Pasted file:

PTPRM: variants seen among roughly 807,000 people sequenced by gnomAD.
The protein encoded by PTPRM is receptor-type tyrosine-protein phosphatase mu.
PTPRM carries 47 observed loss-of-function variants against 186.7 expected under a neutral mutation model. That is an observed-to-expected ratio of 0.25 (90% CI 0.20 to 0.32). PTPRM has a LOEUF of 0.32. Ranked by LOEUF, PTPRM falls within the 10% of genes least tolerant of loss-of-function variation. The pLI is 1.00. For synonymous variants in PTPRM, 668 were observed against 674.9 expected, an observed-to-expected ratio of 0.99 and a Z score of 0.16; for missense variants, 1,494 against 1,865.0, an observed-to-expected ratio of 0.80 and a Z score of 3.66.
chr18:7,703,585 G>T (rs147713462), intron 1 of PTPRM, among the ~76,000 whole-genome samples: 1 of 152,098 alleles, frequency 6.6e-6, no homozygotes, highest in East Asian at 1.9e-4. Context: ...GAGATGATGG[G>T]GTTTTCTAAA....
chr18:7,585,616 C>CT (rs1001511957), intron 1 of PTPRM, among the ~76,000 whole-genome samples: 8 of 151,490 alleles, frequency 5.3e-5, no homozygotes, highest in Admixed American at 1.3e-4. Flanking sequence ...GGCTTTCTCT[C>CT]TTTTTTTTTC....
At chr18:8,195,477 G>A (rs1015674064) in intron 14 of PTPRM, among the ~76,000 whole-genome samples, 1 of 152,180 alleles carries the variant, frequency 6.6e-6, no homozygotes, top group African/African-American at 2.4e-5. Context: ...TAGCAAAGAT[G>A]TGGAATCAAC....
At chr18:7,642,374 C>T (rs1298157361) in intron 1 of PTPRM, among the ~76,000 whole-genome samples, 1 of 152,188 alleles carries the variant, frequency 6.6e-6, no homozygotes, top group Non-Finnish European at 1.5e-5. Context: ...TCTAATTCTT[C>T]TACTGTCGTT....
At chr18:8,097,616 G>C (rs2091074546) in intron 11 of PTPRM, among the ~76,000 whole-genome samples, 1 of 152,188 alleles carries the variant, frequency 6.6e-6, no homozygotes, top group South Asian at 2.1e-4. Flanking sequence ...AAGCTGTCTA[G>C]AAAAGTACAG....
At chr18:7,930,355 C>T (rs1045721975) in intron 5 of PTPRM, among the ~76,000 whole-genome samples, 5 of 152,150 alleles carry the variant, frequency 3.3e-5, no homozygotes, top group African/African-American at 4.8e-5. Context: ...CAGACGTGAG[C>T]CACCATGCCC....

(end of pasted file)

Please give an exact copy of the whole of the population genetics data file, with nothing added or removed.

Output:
PTPRM: variants seen among roughly 807,000 people sequenced by gnomAD.
The protein encoded by PTPRM is receptor-type tyrosine-protein phosphatase mu.
PTPRM carries 47 observed loss-of-function variants against 186.7 expected under a neutral mutation model. That is an observed-to-expected ratio of 0.25 (90% CI 0.20 to 0.32). PTPRM has a LOEUF of 0.32. Ranked by LOEUF, PTPRM falls within the 10% of genes least tolerant of loss-of-function variation. The pLI is 1.00. For synonymous variants in PTPRM, 668 were observed against 674.9 expected, an observed-to-expected ratio of 0.99 and a Z score of 0.16; for missense variants, 1,494 against 1,865.0, an observed-to-expected ratio of 0.80 and a Z score of 3.66.
chr18:7,703,585 G>T (rs147713462), intron 1 of PTPRM, among the ~76,000 whole-genome samples: 1 of 152,098 alleles, frequency 6.6e-6, no homozygotes, highest in East Asian at 1.9e-4. Context: ...GAGATGATGG[G>T]GTTTTCTAAA....
chr18:7,585,616 C>CT (rs1001511957), intron 1 of PTPRM, among the ~76,000 whole-genome samples: 8 of 151,490 alleles, frequency 5.3e-5, no homozygotes, highest in Admixed American at 1.3e-4. Flanking sequence ...GGCTTTCTCT[C>CT]TTTTTTTTTC....
At chr18:8,195,477 G>A (rs1015674064) in intron 14 of PTPRM, among the ~76,000 whole-genome samples, 1 of 152,180 alleles carries the variant, frequency 6.6e-6, no homozygotes, top group African/African-American at 2.4e-5. Context: ...TAGCAAAGAT[G>A]TGGAATCAAC....
At chr18:7,642,374 C>T (rs1298157361) in intron 1 of PTPRM, among the ~76,000 whole-genome samples, 1 of 152,188 alleles carries the variant, frequency 6.6e-6, no homozygotes, top group Non-Finnish European at 1.5e-5. Context: ...TCTAATTCTT[C>T]TACTGTCGTT....
At chr18:8,097,616 G>C (rs2091074546) in intron 11 of PTPRM, among the ~76,000 whole-genome samples, 1 of 152,188 alleles carries the variant, frequency 6.6e-6, no homozygotes, top group South Asian at 2.1e-4. Flanking sequence ...AAGCTGTCTA[G>C]AAAAGTACAG....
At chr18:7,930,355 C>T (rs1045721975) in intron 5 of PTPRM, among the ~76,000 whole-genome samples, 5 of 152,150 alleles carry the variant, frequency 3.3e-5, no homozygotes, top group African/African-American at 4.8e-5. Context: ...CAGACGTGAG[C>T]CACCATGCCC....